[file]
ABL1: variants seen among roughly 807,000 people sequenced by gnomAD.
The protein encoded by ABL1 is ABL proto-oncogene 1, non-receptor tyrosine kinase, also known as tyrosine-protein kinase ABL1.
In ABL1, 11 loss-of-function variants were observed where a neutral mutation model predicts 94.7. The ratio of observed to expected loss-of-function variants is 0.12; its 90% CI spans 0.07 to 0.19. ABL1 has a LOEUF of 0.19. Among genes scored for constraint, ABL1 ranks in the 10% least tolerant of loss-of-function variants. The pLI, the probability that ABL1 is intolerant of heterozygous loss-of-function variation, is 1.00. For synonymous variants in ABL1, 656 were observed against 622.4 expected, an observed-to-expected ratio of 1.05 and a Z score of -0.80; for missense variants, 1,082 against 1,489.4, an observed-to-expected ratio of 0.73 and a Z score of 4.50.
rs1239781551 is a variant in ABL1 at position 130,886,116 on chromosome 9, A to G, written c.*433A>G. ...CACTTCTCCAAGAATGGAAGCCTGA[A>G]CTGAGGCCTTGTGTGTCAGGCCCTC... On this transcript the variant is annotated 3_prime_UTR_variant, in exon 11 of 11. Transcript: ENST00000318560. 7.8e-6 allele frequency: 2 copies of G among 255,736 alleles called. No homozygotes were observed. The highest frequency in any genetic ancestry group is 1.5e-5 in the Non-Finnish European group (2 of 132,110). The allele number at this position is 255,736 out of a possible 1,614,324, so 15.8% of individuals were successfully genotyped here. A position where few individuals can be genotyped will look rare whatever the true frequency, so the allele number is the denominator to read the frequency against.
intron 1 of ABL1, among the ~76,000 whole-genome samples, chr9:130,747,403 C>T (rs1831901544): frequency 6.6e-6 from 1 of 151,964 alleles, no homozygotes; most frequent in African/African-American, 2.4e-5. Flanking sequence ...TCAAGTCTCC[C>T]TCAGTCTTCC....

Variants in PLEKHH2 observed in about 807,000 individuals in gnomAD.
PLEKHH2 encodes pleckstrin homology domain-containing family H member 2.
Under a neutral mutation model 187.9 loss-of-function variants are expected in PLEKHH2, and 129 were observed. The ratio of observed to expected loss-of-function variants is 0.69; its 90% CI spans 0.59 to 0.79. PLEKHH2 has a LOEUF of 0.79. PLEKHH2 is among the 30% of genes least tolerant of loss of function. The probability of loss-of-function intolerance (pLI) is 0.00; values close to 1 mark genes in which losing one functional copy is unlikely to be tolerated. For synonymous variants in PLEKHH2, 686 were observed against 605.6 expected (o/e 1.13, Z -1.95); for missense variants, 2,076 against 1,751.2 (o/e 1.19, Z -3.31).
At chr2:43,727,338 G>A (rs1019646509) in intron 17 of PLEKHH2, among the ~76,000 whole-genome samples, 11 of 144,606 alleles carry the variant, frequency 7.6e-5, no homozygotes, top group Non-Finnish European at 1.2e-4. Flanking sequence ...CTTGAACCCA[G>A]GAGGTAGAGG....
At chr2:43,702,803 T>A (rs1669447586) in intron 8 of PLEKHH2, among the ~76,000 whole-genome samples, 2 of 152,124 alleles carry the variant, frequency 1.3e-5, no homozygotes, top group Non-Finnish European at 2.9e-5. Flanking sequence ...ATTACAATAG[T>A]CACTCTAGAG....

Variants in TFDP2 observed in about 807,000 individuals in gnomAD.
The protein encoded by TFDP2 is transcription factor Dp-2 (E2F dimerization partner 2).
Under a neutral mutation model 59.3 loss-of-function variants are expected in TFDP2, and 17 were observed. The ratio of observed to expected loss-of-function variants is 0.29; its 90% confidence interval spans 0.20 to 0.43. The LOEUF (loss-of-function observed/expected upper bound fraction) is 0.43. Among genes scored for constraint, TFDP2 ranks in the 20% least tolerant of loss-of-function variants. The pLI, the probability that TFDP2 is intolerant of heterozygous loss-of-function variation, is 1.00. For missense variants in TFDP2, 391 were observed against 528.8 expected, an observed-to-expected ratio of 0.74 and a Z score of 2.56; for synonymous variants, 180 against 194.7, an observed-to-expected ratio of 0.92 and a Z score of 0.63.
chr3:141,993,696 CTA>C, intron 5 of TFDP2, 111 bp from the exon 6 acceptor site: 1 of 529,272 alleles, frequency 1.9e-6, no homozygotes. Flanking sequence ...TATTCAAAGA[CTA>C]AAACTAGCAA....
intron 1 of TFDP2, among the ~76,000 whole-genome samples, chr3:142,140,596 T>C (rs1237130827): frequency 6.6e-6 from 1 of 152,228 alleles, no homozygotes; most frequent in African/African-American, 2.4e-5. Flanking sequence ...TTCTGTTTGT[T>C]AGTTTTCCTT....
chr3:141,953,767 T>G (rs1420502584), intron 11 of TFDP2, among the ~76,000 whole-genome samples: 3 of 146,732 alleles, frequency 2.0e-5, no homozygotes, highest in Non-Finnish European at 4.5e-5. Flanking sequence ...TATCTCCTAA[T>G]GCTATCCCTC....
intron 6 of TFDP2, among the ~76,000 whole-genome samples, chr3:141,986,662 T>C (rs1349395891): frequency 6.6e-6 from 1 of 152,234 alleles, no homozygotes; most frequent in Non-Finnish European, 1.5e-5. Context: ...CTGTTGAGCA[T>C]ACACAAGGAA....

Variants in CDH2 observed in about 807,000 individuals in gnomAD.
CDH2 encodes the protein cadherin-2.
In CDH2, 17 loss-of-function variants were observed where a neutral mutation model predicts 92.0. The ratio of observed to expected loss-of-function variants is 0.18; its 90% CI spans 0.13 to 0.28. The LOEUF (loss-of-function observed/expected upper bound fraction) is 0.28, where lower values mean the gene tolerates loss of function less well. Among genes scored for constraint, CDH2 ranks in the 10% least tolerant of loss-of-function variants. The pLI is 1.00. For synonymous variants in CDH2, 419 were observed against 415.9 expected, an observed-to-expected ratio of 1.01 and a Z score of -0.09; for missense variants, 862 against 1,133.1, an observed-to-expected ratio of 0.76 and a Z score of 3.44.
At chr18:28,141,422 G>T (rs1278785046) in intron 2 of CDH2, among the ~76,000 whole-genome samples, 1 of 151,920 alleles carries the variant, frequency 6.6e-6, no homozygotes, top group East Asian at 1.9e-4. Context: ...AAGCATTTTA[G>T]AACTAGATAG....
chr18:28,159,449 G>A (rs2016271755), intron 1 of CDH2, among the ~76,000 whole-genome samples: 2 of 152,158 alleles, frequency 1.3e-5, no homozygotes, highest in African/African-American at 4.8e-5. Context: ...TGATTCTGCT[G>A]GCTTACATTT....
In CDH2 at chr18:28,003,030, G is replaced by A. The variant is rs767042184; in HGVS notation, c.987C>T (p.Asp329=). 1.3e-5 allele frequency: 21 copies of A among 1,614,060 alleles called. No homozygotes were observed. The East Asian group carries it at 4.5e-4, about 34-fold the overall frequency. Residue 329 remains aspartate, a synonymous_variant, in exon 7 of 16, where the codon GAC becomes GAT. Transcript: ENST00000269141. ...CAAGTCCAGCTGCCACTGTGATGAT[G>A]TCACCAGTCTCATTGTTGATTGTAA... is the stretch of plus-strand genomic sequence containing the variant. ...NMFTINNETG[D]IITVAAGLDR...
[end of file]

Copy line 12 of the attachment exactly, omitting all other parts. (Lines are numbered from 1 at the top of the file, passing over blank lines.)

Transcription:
The protein encoded by TFDP2 is transcription factor Dp-2 (E2F dimerization partner 2).